Innovation

This has given me much to think about:

The natural tendency of most organizations is to restrict choices in favor of the obvious and the incremental. Although this tendency may be more efficient in the short run, it tends to make an organization conservative and inflexible in the long run. Divergent thinking is the route, not the obstacle, to innovation.

– from “Deign Thinking for Social Innovation” by T.Brown, J.Wyatt

Netherpad

A little over a month ago, I sat down and started working on something I’m calling Netherpad.  The idea is loosely based on etherpad, though I’m implementing it on .NET using ASP.NET MVC 4, SignalR, and some TypeScript.

The main technology that allows this live shared collaboration is called Operational Transformation.  I’ve had it on my list of things to learn for several years now, and now I’m starting to wrap my mind around it.  What I’m finding is that it’s not as difficult as I thought it would be.  I found a simple implementation of the algorithm in JavaScript called jinfinote. Going through this code made it pretty easy to understand what was going on.  I had to modify it to first use SignalR instead of straight web sockets, and that required a pretty good understanding of what was going on, especially since SignalR uses GUIDs to identify users instead of straight integers.  This has been causing some pain, but I’m working around it.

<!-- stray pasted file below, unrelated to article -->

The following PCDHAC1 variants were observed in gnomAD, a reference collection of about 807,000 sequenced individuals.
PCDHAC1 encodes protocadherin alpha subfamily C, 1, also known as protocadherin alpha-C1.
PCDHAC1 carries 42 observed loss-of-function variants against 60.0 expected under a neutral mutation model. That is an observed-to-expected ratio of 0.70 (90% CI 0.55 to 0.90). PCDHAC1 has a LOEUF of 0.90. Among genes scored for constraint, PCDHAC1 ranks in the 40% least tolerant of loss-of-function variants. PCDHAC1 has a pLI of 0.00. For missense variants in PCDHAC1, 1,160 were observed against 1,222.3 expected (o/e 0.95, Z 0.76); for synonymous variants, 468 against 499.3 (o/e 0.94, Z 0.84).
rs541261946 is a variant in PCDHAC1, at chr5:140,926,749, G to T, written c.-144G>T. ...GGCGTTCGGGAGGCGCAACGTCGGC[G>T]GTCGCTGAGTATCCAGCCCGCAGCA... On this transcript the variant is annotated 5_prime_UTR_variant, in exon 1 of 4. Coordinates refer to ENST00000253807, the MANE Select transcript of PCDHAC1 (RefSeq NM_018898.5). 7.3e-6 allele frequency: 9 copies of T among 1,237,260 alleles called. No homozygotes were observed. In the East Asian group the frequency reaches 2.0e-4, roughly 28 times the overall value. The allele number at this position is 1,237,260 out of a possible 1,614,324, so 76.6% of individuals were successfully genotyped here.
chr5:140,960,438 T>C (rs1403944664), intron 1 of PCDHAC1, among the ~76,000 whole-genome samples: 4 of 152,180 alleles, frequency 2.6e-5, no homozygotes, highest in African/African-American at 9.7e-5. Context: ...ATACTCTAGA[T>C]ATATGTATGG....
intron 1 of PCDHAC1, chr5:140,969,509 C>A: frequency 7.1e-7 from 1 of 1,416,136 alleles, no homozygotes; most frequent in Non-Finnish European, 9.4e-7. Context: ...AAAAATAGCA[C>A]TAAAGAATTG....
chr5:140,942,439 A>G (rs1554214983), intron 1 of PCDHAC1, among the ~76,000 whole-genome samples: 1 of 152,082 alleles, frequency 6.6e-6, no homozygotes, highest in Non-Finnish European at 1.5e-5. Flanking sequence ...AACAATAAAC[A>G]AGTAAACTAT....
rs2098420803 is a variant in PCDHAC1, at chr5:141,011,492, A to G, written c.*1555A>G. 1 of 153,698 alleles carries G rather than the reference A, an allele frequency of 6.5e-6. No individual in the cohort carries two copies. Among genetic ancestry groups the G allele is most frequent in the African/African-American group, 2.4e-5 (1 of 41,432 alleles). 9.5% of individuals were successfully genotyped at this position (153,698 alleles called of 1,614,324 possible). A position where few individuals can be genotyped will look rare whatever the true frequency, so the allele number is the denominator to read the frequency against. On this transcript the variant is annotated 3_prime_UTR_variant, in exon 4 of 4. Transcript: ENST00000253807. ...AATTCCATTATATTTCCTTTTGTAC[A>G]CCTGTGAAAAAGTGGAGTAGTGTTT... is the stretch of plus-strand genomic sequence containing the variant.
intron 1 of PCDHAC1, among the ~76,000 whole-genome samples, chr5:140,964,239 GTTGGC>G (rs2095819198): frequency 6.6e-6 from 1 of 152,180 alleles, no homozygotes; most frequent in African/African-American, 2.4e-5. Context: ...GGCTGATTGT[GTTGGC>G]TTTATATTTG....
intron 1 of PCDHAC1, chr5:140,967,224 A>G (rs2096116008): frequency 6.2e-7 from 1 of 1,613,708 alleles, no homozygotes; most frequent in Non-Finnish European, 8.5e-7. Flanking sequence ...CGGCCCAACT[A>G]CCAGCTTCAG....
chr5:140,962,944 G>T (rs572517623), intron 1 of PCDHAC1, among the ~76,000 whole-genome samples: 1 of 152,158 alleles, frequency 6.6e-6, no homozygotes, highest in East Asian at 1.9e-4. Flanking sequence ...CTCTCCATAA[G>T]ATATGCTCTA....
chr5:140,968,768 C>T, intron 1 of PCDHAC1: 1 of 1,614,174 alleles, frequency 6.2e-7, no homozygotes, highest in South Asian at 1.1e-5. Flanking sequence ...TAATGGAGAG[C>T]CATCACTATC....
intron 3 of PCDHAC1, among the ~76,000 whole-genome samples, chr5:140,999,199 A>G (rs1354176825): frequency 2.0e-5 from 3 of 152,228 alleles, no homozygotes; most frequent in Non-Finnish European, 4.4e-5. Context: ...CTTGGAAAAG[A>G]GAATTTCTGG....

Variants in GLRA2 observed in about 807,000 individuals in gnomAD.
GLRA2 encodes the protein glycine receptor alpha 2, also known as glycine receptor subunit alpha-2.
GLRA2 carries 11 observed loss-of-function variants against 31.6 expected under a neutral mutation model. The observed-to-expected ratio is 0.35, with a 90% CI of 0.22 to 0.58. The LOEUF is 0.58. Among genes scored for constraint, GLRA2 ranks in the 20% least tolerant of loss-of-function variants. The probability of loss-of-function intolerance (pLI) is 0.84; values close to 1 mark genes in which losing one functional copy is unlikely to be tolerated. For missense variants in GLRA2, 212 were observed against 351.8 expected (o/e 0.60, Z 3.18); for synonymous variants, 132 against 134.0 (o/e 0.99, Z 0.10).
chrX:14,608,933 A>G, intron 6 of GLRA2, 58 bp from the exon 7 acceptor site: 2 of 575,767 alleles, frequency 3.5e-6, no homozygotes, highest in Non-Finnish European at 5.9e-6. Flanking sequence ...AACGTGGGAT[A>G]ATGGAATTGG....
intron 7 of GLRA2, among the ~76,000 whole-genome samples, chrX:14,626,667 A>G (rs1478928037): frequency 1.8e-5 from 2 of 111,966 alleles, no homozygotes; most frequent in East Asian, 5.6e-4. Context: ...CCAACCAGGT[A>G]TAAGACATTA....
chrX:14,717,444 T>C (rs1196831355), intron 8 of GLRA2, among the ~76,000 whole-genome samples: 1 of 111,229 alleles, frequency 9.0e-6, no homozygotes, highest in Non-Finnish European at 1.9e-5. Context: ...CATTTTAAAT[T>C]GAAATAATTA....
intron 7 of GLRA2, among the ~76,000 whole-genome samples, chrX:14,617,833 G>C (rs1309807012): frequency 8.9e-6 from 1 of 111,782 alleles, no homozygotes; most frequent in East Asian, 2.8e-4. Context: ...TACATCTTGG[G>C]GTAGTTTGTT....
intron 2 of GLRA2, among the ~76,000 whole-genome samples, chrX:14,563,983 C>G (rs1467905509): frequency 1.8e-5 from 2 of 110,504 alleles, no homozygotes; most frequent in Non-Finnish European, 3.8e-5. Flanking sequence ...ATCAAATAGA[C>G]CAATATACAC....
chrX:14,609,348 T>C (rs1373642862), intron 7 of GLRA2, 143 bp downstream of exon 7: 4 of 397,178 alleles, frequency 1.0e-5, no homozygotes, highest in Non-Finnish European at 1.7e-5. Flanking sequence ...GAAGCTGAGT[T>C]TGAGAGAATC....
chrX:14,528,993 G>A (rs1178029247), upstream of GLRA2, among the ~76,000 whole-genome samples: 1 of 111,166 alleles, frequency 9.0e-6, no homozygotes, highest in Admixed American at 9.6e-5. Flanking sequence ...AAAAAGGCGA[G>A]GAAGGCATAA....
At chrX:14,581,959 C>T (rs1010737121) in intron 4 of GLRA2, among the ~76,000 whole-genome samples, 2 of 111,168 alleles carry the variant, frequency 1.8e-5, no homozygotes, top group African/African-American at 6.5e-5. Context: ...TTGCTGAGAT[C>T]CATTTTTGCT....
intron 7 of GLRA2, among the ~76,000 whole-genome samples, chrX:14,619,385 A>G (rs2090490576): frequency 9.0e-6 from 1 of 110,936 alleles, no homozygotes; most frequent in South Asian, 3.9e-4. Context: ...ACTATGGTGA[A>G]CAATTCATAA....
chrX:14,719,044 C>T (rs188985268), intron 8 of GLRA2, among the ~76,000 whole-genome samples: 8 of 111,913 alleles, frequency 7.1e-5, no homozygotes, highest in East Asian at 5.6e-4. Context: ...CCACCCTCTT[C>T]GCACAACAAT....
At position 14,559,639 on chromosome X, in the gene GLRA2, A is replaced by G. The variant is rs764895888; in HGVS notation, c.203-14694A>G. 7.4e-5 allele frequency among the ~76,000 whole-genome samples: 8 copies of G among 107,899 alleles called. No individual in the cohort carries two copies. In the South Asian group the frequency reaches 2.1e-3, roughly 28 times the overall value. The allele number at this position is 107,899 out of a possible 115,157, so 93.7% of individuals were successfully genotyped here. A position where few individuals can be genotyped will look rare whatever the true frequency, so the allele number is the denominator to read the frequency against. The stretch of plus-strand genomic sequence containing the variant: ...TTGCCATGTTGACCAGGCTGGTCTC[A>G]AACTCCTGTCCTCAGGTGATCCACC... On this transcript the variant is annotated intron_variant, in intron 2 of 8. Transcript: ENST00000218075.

After nearly all day of working on it, I got the basic live collaboration working, as can be seen in this video:

It’s an ugly hack, but it works.

As the caption says, it’s ugly and requires some trickery in the underlying javascript, but it’s working.  It was a truly magical moment for me to type a key in one browser and see it show up in the other browser.

Moving forward, I’m working on porting the original javascript to TypeScript and will be mixing in some linq.js in order to make up for the fact that Javascript doesn’t have a native dictionary object.  So far, I really like working with TypeScript; it’s a huge improvement over plain Javascript.  Porting the code has also forced me to gain a good understanding of the algorithms involved.  I’m almost at the point where I can throw out the original implementation and rewrite it in a way that makes more sense from a .NET / TypeScript standpoint.

There is still a lot of work to do on the project, but so far, it’s pretty exciting.  Be sure to check out the code if you wish, but beware, it doesn’t really work right out of the box at the moment, though I will be working to make that happen soon.